Art Critic With Authority


delia_icon.gif caspian_icon.gif

Scene Title Art Critic with Authority
Synopsis Caspian makes art. Delia thinks it's vandalism. Innocent teens get blamed, and the question of the location of a stick is considered.
Date March 6, 2018

New York Safe Zone

A park in the safe zone, and the street alongside it.

If Groundhog Day was still a thing broadcast around the nation, the weather-sensing rodent would have almost certainly seen its shadow. The temperature here in New York is cool, with high temperatures barely reaching higher than the mid forties. Still, with the little bit of sunlight and warmth, green things have started to sprout around the city, with a few residents actively planting non-food things in an attempt to make their world more beautiful.

Caspian is one of those people or, at least, he wants to be.

Before the war, he might be the guy going to the nursery and buying loads of plants, only to forget to water them for three weeks and throw them out, or he might be the well-meaning amateur, unable to grow things. Or he might just want to learn. Today, however, Caspian is an explorer. , He’s crouching next to a long-abandoned planter bed, rooting around in the soil with a screwdriver. A small pot sits next to him, several onion-sized bulbs sitting just on top.

"God fucking dammit!!"

The high pitched holler comes from a very angry redhead storming down the street behind some terrified teenagers. "Get back here now or I swear to god I will be rapping on each door in Elmhurst to find your parents and I will make them pay for the labor it's going to cost to get rid of this!!" She's pointing at a graffiti mural on the side of a building.

"But we didn't do it!!" One of the young teens protests, stopping and turning around to answer the woman. The sheepish dip to his shoulders and submissive hang of his head is akin to a beaten animal.

"Then you'd better give me a fucking name," Delia shouts as she points to a nearby truck. It's beaten up but there's supplies in the back of it that could be used to scrub paint off of walls. "We're trying to make this place nice and livable, not some fucking street thug tagged subway station."

Caspian looks up at the shouting. Not that shouting is an out-of-place thing in the safe zone, of course, but this particular shouting involves something that he took part in. The mural - and let’s be honest, it’s a mural, not an eyesore - of a smiling woman on the side of a building. In the open spot between two garage doors, an expanse of brick has been painted over with an undercoat of gray, and on top is a geometric pattern of a smiling woman’s face. Like something you might see on a children’s cartoon, bright orange hair spills out from the wall like a wave, her shoulders bare, her face painted in lines of green, almost like a mask. It gives you a very Mexican or Aztec feel, too, like the painter drew from that particular culture for inspiration. The paint is still wet and next to the wall, in a box, is the evidence - nearly a dozen cans of spray paint in various colors, completely empty.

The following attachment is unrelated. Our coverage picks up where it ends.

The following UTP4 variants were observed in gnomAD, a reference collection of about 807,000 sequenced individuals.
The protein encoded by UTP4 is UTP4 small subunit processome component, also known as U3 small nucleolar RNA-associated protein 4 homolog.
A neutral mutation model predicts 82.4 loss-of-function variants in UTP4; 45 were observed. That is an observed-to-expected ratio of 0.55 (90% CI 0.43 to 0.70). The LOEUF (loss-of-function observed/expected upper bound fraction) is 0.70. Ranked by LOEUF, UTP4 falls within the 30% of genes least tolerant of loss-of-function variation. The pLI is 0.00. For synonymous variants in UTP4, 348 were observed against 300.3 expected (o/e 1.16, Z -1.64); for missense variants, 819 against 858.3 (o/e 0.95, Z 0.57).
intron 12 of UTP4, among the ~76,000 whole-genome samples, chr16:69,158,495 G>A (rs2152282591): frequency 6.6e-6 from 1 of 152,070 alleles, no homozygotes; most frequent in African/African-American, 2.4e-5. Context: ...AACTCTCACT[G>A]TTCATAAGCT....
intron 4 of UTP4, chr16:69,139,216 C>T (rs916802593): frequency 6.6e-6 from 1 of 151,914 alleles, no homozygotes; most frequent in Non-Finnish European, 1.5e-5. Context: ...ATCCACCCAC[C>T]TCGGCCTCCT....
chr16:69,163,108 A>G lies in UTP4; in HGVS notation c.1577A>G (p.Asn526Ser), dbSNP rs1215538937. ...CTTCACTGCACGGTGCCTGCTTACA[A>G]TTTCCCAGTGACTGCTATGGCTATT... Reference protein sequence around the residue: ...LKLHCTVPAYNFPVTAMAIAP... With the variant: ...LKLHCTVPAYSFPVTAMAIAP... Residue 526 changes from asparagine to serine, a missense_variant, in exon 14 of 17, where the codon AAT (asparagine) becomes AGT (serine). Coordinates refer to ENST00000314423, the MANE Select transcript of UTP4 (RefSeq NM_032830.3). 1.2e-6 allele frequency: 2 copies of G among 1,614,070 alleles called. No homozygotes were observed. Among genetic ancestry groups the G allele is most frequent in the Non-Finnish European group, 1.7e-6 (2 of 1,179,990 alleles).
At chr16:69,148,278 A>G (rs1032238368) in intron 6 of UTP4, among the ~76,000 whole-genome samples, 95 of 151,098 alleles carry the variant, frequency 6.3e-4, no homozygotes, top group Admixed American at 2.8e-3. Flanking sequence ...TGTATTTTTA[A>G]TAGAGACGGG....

Getting to his feet, Caspian shoulders his backpack and wipes his muddy hands on the dead grass, his pot held loosely under one arm as he pads closer, looking from the wall to the woman, then to the terrified teenagers. “Hold on now, hold on. Excuse me.” He remains a respectful distance away, lifting a muddy hand to wave before going back down to hold his clay pot. “That doesn’t look like anything that would end up in a subway. That took time. Probably several hours, at least.” He looks to the boys. “You guys out at three a.m. to paint a wall?”

“It’s graffiti,” Delia snaps back at the interrupting man. “And it doesn’t belong in a nice neighborhood, this isn’t Staten Island.”

The boy who didn’t run doesn’t answer Caspian, instead he moves to the truck and slowly pulls out buckets, scrub brushes, and some solvent. “Miss Ryans, do you have any water?”

Delia grits her teeth and follows him to the truck, and pumps the lever on the side of a tank, allowing some water to flow into the teen’s bucket. “I want that wall clean and if it can’t come clean, you and your friends will be painting the building a respectable color. You think the owner wants that shit up there?”

Caspian is at least graced with a look that isn’t a tired glare from the woman. It’s stern though and the planter that he’s working on and the bulbs earn the quirk of an eyebrow. But she remains silent about it. “Who the hell are you anyway?”

“Caspian Dussault, miss. A pleasure.” he makes a move toward the box of spray cans, bending to pluck one out of the box, a smear of orange transferring from the can to his hand as he picks it up to study it, and then the wall. “He might have more luck without the water and the scrub brushes and go right to paint. You’d need high-pressure water to get this stuff off the concrete. Look. UV and chemical resistant.” He extends the can to Delia so she can see if she wants before putting it back into the box with a clink, wiping his hands on a handkerchief he keeps in his pocket, tucking it away.

“I don’t think he did it, though.” Caspian leans against a disused fire hydrant, watching the boy as he studies the wall with his bucket of water and chemicals. “Where are his gloves? Where’s his tag? This isn’t even signed…..a lot of work for three or four teenagers to not sign it. I bet he doesn’t even have paint on his hands.” The pot rests on his knee, Caspian simply watching for a moment, plucking a bulb from the pot and studying it for a second before dropping it back in with a muffled thud against the others.

“I didn’t catch your name, Ma’am?” Polite, isn’t he?

“You didn’t stop talking long enough for me to give it,” Delia snaps back but she’s still eyeballing the teen. “Delia Ryans, Citizen’s Watch.”